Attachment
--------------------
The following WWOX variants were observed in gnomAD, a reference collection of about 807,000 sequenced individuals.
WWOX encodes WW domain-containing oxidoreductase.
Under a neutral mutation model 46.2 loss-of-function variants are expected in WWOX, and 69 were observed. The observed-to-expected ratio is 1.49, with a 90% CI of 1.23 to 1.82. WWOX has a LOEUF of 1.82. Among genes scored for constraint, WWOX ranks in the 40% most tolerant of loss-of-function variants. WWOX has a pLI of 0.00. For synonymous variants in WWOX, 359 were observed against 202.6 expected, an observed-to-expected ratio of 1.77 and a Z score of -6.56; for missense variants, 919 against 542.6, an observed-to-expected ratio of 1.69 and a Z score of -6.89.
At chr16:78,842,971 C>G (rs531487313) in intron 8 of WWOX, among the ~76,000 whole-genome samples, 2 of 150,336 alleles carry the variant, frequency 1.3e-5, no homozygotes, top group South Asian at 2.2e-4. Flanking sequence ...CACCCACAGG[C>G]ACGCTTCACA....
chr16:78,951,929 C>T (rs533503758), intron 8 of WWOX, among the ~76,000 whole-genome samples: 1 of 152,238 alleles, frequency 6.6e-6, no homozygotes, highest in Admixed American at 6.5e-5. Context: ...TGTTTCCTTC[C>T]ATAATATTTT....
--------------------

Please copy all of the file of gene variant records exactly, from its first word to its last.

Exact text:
The following WWOX variants were observed in gnomAD, a reference collection of about 807,000 sequenced individuals.
WWOX encodes WW domain-containing oxidoreductase.
Under a neutral mutation model 46.2 loss-of-function variants are expected in WWOX, and 69 were observed. The observed-to-expected ratio is 1.49, with a 90% CI of 1.23 to 1.82. WWOX has a LOEUF of 1.82. Among genes scored for constraint, WWOX ranks in the 40% most tolerant of loss-of-function variants. WWOX has a pLI of 0.00. For synonymous variants in WWOX, 359 were observed against 202.6 expected, an observed-to-expected ratio of 1.77 and a Z score of -6.56; for missense variants, 919 against 542.6, an observed-to-expected ratio of 1.69 and a Z score of -6.89.
At chr16:78,842,971 C>G (rs531487313) in intron 8 of WWOX, among the ~76,000 whole-genome samples, 2 of 150,336 alleles carry the variant, frequency 1.3e-5, no homozygotes, top group South Asian at 2.2e-4. Flanking sequence ...CACCCACAGG[C>G]ACGCTTCACA....
chr16:78,951,929 C>T (rs533503758), intron 8 of WWOX, among the ~76,000 whole-genome samples: 1 of 152,238 alleles, frequency 6.6e-6, no homozygotes, highest in Admixed American at 6.5e-5. Context: ...TGTTTCCTTC[C>T]ATAATATTTT....